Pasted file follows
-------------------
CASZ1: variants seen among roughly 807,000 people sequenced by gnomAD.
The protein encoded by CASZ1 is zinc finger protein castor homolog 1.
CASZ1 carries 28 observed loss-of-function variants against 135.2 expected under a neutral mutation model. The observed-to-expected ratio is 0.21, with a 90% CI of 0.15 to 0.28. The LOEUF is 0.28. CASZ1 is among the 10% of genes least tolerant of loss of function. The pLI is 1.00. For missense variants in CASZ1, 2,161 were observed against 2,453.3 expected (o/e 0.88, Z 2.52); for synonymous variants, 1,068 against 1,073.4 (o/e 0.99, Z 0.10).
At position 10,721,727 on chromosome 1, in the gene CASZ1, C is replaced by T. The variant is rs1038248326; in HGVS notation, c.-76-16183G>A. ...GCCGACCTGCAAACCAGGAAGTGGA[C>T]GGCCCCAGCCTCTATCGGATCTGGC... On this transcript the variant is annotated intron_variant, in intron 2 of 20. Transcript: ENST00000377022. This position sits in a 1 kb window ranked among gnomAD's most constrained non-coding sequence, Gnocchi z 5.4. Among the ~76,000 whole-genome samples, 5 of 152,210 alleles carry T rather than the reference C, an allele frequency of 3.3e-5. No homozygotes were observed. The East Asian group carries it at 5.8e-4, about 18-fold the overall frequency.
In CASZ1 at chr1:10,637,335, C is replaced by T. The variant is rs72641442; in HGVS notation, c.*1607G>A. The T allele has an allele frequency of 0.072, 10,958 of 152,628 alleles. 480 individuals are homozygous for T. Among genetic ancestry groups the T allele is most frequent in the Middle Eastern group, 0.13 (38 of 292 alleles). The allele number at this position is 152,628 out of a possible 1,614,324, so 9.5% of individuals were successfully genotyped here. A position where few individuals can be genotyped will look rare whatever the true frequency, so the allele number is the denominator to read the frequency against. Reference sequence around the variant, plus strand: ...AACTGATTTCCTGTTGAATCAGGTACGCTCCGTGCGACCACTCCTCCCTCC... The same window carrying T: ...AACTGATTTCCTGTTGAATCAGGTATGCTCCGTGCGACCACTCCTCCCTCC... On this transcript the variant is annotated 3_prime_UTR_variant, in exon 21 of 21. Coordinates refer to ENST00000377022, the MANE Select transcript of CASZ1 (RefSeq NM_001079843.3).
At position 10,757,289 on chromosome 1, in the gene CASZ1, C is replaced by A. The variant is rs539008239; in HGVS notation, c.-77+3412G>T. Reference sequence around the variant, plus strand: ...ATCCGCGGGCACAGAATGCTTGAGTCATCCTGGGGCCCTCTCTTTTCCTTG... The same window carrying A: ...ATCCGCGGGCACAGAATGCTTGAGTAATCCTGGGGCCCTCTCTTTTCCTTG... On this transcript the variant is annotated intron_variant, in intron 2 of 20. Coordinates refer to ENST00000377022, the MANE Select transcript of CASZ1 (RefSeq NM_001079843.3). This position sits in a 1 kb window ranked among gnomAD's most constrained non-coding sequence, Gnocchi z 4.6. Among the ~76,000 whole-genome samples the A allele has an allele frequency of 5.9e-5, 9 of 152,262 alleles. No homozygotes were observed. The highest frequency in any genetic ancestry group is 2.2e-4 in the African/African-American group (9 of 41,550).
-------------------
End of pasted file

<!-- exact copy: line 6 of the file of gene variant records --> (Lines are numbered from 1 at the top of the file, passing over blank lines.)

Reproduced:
At position 10,757,289 on chromosome 1, in the gene CASZ1, C is replaced by A. The variant is rs539008239; in HGVS notation, c.-77+3412G>T. Reference sequence around the variant, plus strand: ...ATCCGCGGGCACAGAATGCTTGAGTCATCCTGGGGCCCTCTCTTTTCCTTG... The same window carrying A: ...ATCCGCGGGCACAGAATGCTTGAGTAATCCTGGGGCCCTCTCTTTTCCTTG... On this transcript the variant is annotated intron_variant, in intron 2 of 20. Coordinates refer to ENST00000377022, the MANE Select transcript of CASZ1 (RefSeq NM_001079843.3). This position sits in a 1 kb window ranked among gnomAD's most constrained non-coding sequence, Gnocchi z 4.6. Among the ~76,000 whole-genome samples the A allele has an allele frequency of 5.9e-5, 9 of 152,262 alleles. No homozygotes were observed. The highest frequency in any genetic ancestry group is 2.2e-4 in the African/African-American group (9 of 41,550).